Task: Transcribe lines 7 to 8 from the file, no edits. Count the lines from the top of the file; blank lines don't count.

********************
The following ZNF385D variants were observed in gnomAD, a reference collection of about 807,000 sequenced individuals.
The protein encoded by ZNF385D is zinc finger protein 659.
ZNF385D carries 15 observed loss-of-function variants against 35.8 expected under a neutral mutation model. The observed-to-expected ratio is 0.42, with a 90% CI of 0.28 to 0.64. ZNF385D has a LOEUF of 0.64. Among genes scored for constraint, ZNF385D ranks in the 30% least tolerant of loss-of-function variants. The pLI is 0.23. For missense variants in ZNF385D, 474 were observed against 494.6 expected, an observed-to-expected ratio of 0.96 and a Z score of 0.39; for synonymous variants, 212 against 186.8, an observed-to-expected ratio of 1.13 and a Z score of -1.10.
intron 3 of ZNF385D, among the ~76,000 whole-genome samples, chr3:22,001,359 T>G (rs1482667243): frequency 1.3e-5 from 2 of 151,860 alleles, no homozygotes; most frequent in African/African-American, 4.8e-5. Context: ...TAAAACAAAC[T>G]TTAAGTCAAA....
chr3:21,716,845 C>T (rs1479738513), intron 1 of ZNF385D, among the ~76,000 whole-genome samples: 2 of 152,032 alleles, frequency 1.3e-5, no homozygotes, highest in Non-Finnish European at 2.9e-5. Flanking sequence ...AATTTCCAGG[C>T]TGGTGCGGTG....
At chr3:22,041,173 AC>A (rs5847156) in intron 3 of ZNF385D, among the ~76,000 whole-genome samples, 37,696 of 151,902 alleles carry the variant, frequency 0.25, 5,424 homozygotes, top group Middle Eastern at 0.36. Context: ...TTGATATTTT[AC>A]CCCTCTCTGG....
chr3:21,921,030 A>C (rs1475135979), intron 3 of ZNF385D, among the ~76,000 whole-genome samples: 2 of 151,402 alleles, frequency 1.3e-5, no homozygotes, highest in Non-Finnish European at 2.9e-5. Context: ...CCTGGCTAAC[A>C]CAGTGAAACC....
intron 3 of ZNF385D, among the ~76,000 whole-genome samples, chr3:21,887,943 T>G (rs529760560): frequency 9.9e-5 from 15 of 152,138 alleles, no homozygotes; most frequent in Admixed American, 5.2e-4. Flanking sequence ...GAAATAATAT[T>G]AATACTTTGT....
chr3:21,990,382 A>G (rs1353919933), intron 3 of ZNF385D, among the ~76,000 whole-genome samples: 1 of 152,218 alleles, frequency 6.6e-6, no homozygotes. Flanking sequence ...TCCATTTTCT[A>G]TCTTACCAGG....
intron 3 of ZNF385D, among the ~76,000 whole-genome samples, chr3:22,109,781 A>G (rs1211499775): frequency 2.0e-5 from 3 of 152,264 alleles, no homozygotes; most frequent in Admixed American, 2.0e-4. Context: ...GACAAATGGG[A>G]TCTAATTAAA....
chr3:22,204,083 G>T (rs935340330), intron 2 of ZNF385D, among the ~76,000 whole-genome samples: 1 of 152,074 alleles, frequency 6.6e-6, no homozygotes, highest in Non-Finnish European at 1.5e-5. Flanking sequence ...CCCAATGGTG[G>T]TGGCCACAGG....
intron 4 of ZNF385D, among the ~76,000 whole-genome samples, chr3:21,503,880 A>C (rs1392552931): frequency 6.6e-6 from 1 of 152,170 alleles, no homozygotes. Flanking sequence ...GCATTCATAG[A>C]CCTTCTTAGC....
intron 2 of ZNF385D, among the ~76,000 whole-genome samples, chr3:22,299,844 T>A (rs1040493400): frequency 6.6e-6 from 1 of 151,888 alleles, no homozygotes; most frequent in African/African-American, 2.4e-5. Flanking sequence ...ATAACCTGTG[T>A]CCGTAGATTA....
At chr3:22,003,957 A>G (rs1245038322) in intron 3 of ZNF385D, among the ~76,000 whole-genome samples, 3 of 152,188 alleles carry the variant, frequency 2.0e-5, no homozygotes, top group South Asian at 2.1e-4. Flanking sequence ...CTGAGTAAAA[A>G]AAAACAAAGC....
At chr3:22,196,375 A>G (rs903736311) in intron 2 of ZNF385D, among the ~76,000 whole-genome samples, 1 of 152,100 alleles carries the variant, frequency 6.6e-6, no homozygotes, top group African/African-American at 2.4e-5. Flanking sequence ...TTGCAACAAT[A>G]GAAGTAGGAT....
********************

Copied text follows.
chr3:21,921,030 A>C (rs1475135979), intron 3 of ZNF385D, among the ~76,000 whole-genome samples: 2 of 151,402 alleles, frequency 1.3e-5, no homozygotes, highest in Non-Finnish European at 2.9e-5. Context: ...CCTGGCTAAC[A>C]CAGTGAAACC....
intron 3 of ZNF385D, among the ~76,000 whole-genome samples, chr3:21,887,943 T>G (rs529760560): frequency 9.9e-5 from 15 of 152,138 alleles, no homozygotes; most frequent in Admixed American, 5.2e-4. Flanking sequence ...GAAATAATAT[T>G]AATACTTTGT....